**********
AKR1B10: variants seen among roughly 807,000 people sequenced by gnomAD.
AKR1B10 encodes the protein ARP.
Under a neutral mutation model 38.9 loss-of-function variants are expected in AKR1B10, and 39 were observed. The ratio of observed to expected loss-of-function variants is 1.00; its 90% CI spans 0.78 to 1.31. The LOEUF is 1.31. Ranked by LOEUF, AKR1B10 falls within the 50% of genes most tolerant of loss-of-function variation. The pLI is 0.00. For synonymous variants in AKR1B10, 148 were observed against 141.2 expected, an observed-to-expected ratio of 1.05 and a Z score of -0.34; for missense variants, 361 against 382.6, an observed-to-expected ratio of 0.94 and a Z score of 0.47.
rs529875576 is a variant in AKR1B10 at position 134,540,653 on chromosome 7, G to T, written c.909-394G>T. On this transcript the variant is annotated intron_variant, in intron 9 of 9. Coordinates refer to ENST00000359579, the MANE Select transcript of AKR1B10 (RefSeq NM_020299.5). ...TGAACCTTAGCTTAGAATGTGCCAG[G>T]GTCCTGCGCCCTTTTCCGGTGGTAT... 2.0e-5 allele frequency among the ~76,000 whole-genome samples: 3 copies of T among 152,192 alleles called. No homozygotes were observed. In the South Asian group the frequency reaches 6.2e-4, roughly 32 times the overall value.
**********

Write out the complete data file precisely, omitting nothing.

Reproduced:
AKR1B10: variants seen among roughly 807,000 people sequenced by gnomAD.
AKR1B10 encodes the protein ARP.
Under a neutral mutation model 38.9 loss-of-function variants are expected in AKR1B10, and 39 were observed. The ratio of observed to expected loss-of-function variants is 1.00; its 90% CI spans 0.78 to 1.31. The LOEUF is 1.31. Ranked by LOEUF, AKR1B10 falls within the 50% of genes most tolerant of loss-of-function variation. The pLI is 0.00. For synonymous variants in AKR1B10, 148 were observed against 141.2 expected, an observed-to-expected ratio of 1.05 and a Z score of -0.34; for missense variants, 361 against 382.6, an observed-to-expected ratio of 0.94 and a Z score of 0.47.
rs529875576 is a variant in AKR1B10 at position 134,540,653 on chromosome 7, G to T, written c.909-394G>T. On this transcript the variant is annotated intron_variant, in intron 9 of 9. Coordinates refer to ENST00000359579, the MANE Select transcript of AKR1B10 (RefSeq NM_020299.5). ...TGAACCTTAGCTTAGAATGTGCCAG[G>T]GTCCTGCGCCCTTTTCCGGTGGTAT... 2.0e-5 allele frequency among the ~76,000 whole-genome samples: 3 copies of T among 152,192 alleles called. No homozygotes were observed. In the South Asian group the frequency reaches 6.2e-4, roughly 32 times the overall value.